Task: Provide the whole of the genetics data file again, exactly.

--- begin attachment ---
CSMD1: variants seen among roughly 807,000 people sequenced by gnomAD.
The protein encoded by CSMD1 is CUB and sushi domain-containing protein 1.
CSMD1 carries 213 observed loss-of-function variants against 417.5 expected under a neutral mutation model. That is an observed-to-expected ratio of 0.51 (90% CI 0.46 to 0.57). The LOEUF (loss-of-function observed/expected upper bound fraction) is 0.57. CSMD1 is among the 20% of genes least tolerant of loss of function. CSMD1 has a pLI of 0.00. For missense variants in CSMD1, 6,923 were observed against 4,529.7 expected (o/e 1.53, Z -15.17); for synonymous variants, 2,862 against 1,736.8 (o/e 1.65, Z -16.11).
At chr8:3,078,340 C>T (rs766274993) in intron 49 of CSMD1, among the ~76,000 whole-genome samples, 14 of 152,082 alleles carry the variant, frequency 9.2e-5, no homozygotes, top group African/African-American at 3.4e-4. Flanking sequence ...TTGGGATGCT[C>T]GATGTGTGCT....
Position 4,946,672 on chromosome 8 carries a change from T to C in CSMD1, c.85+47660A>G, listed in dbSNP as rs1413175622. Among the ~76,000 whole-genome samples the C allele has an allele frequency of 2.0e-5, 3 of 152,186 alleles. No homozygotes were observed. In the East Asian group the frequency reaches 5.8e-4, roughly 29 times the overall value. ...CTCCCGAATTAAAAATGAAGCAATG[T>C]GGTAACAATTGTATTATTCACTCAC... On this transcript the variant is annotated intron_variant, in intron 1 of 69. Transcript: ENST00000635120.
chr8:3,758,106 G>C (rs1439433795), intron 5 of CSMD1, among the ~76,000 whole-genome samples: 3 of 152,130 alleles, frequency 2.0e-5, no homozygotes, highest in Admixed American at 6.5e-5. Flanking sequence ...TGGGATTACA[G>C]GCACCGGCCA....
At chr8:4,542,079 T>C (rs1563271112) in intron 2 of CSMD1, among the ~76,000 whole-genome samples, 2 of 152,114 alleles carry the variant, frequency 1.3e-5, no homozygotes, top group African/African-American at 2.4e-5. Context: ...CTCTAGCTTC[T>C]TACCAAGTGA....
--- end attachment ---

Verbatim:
CSMD1: variants seen among roughly 807,000 people sequenced by gnomAD.
The protein encoded by CSMD1 is CUB and sushi domain-containing protein 1.
CSMD1 carries 213 observed loss-of-function variants against 417.5 expected under a neutral mutation model. That is an observed-to-expected ratio of 0.51 (90% CI 0.46 to 0.57). The LOEUF (loss-of-function observed/expected upper bound fraction) is 0.57. CSMD1 is among the 20% of genes least tolerant of loss of function. CSMD1 has a pLI of 0.00. For missense variants in CSMD1, 6,923 were observed against 4,529.7 expected (o/e 1.53, Z -15.17); for synonymous variants, 2,862 against 1,736.8 (o/e 1.65, Z -16.11).
At chr8:3,078,340 C>T (rs766274993) in intron 49 of CSMD1, among the ~76,000 whole-genome samples, 14 of 152,082 alleles carry the variant, frequency 9.2e-5, no homozygotes, top group African/African-American at 3.4e-4. Flanking sequence ...TTGGGATGCT[C>T]GATGTGTGCT....
Position 4,946,672 on chromosome 8 carries a change from T to C in CSMD1, c.85+47660A>G, listed in dbSNP as rs1413175622. Among the ~76,000 whole-genome samples the C allele has an allele frequency of 2.0e-5, 3 of 152,186 alleles. No homozygotes were observed. In the East Asian group the frequency reaches 5.8e-4, roughly 29 times the overall value. ...CTCCCGAATTAAAAATGAAGCAATG[T>C]GGTAACAATTGTATTATTCACTCAC... On this transcript the variant is annotated intron_variant, in intron 1 of 69. Transcript: ENST00000635120.
chr8:3,758,106 G>C (rs1439433795), intron 5 of CSMD1, among the ~76,000 whole-genome samples: 3 of 152,130 alleles, frequency 2.0e-5, no homozygotes, highest in Admixed American at 6.5e-5. Flanking sequence ...TGGGATTACA[G>C]GCACCGGCCA....
At chr8:4,542,079 T>C (rs1563271112) in intron 2 of CSMD1, among the ~76,000 whole-genome samples, 2 of 152,114 alleles carry the variant, frequency 1.3e-5, no homozygotes, top group African/African-American at 2.4e-5. Context: ...CTCTAGCTTC[T>C]TACCAAGTGA....